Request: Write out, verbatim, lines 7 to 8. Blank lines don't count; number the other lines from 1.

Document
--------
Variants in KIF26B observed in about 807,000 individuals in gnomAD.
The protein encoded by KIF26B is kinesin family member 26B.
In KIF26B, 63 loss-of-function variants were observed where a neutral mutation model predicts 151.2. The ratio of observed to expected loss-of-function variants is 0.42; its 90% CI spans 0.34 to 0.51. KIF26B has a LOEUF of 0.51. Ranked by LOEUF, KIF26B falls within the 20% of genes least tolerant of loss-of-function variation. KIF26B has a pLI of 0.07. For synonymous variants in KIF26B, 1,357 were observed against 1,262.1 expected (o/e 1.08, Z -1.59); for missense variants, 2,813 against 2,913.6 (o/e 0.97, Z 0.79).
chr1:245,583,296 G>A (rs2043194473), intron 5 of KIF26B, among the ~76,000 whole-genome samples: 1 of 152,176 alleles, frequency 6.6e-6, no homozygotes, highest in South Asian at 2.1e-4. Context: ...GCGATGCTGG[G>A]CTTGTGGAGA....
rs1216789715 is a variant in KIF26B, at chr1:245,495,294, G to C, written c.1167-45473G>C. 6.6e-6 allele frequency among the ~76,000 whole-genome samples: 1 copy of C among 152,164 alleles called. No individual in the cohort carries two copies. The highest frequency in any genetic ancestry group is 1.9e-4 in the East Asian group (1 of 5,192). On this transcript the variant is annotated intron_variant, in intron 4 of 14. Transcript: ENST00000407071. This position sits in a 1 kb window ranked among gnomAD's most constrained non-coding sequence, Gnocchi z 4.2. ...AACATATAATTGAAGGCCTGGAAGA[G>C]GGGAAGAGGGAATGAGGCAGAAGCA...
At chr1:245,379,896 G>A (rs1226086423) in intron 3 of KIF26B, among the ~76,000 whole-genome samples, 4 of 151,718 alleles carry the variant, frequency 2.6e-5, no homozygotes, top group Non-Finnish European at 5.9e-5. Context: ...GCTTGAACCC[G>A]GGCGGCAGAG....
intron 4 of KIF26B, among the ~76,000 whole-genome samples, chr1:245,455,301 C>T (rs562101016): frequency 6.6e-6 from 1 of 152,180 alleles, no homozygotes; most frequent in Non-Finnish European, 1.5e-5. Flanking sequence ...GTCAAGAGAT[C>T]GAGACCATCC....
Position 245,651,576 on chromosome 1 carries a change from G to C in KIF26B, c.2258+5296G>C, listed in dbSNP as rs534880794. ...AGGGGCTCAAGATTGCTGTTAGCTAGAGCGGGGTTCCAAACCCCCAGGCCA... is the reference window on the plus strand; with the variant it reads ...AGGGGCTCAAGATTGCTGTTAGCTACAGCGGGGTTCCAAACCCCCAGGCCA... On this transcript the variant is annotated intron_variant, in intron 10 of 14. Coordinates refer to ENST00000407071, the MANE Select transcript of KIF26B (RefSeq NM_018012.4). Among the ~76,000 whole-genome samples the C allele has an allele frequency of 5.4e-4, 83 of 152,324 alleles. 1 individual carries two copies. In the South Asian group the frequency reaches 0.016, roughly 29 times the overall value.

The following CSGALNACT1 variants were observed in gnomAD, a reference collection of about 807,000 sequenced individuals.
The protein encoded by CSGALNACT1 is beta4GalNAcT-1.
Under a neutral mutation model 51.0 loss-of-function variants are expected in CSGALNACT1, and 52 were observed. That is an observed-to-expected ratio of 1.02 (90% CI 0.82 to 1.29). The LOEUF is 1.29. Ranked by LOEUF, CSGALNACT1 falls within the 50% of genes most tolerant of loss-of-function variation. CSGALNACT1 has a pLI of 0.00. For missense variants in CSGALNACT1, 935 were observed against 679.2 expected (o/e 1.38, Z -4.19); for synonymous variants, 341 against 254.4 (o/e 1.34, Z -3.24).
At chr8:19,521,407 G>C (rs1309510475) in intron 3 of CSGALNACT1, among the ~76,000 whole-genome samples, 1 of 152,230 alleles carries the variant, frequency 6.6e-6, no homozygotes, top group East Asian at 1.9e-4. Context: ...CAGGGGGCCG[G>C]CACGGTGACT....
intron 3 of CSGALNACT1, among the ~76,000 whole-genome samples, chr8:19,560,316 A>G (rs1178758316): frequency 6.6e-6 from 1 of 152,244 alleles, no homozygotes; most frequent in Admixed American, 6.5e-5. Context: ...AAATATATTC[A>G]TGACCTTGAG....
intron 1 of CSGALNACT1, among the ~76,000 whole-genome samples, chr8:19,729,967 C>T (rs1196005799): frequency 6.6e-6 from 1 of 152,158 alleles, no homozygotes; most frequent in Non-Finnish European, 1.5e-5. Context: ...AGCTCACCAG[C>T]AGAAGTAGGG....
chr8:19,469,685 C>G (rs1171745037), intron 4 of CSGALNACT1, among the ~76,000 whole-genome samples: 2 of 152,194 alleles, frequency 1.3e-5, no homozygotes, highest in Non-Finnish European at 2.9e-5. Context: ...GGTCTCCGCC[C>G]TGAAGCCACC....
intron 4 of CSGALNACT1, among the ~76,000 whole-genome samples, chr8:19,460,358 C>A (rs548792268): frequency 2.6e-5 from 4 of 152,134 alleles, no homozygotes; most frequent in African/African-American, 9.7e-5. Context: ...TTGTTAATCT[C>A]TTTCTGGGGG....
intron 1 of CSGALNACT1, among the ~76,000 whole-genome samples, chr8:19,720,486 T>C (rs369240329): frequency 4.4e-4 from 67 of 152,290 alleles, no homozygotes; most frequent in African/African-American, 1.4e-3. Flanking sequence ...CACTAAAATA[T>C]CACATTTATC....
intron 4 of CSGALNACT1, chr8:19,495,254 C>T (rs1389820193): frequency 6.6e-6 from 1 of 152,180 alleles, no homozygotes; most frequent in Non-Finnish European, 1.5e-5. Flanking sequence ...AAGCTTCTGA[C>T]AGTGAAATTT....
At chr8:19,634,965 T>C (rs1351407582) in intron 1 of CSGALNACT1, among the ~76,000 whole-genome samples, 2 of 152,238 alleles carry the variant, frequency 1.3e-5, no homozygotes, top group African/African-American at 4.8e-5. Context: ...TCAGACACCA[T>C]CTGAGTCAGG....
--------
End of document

intron 4 of KIF26B, among the ~76,000 whole-genome samples, chr1:245,455,301 C>T (rs562101016): frequency 6.6e-6 from 1 of 152,180 alleles, no homozygotes; most frequent in Non-Finnish European, 1.5e-5. Flanking sequence ...GTCAAGAGAT[C>T]GAGACCATCC....
Position 245,651,576 on chromosome 1 carries a change from G to C in KIF26B, c.2258+5296G>C, listed in dbSNP as rs534880794. ...AGGGGCTCAAGATTGCTGTTAGCTAGAGCGGGGTTCCAAACCCCCAGGCCA... is the reference window on the plus strand; with the variant it reads ...AGGGGCTCAAGATTGCTGTTAGCTACAGCGGGGTTCCAAACCCCCAGGCCA... On this transcript the variant is annotated intron_variant, in intron 10 of 14. Coordinates refer to ENST00000407071, the MANE Select transcript of KIF26B (RefSeq NM_018012.4). Among the ~76,000 whole-genome samples the C allele has an allele frequency of 5.4e-4, 83 of 152,324 alleles. 1 individual carries two copies. In the South Asian group the frequency reaches 0.016, roughly 29 times the overall value.